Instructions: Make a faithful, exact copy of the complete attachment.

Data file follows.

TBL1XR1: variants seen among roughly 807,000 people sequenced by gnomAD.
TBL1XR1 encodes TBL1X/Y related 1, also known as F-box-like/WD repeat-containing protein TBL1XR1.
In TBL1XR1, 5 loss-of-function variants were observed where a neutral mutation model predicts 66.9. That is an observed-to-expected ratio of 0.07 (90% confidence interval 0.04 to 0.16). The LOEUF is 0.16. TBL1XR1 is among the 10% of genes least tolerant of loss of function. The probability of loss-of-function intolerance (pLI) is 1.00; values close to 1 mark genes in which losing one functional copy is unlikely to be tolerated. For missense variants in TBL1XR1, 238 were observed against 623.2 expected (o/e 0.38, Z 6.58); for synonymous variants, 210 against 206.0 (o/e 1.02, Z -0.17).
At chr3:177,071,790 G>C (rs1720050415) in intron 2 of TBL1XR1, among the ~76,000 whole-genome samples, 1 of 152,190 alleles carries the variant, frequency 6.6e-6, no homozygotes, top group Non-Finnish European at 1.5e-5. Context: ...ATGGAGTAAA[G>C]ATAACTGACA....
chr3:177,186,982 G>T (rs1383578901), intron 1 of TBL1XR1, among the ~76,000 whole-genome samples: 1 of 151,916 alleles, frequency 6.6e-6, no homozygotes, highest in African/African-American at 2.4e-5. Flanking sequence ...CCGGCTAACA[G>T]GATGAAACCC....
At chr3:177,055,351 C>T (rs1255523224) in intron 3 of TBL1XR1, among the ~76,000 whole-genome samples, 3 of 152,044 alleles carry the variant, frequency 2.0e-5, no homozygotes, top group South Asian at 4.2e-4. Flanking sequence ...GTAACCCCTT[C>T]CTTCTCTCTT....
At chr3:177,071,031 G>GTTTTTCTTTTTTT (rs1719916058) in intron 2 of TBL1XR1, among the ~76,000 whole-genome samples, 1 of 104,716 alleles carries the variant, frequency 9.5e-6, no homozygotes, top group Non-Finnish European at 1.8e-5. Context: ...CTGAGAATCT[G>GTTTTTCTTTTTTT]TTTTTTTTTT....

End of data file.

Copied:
TBL1XR1: variants seen among roughly 807,000 people sequenced by gnomAD.
TBL1XR1 encodes TBL1X/Y related 1, also known as F-box-like/WD repeat-containing protein TBL1XR1.
In TBL1XR1, 5 loss-of-function variants were observed where a neutral mutation model predicts 66.9. That is an observed-to-expected ratio of 0.07 (90% confidence interval 0.04 to 0.16). The LOEUF is 0.16. TBL1XR1 is among the 10% of genes least tolerant of loss of function. The probability of loss-of-function intolerance (pLI) is 1.00; values close to 1 mark genes in which losing one functional copy is unlikely to be tolerated. For missense variants in TBL1XR1, 238 were observed against 623.2 expected (o/e 0.38, Z 6.58); for synonymous variants, 210 against 206.0 (o/e 1.02, Z -0.17).
At chr3:177,071,790 G>C (rs1720050415) in intron 2 of TBL1XR1, among the ~76,000 whole-genome samples, 1 of 152,190 alleles carries the variant, frequency 6.6e-6, no homozygotes, top group Non-Finnish European at 1.5e-5. Context: ...ATGGAGTAAA[G>C]ATAACTGACA....
chr3:177,186,982 G>T (rs1383578901), intron 1 of TBL1XR1, among the ~76,000 whole-genome samples: 1 of 151,916 alleles, frequency 6.6e-6, no homozygotes, highest in African/African-American at 2.4e-5. Flanking sequence ...CCGGCTAACA[G>T]GATGAAACCC....
At chr3:177,055,351 C>T (rs1255523224) in intron 3 of TBL1XR1, among the ~76,000 whole-genome samples, 3 of 152,044 alleles carry the variant, frequency 2.0e-5, no homozygotes, top group South Asian at 4.2e-4. Flanking sequence ...GTAACCCCTT[C>T]CTTCTCTCTT....
At chr3:177,071,031 G>GTTTTTCTTTTTTT (rs1719916058) in intron 2 of TBL1XR1, among the ~76,000 whole-genome samples, 1 of 104,716 alleles carries the variant, frequency 9.5e-6, no homozygotes, top group Non-Finnish European at 1.8e-5. Context: ...CTGAGAATCT[G>GTTTTTCTTTTTTT]TTTTTTTTTT....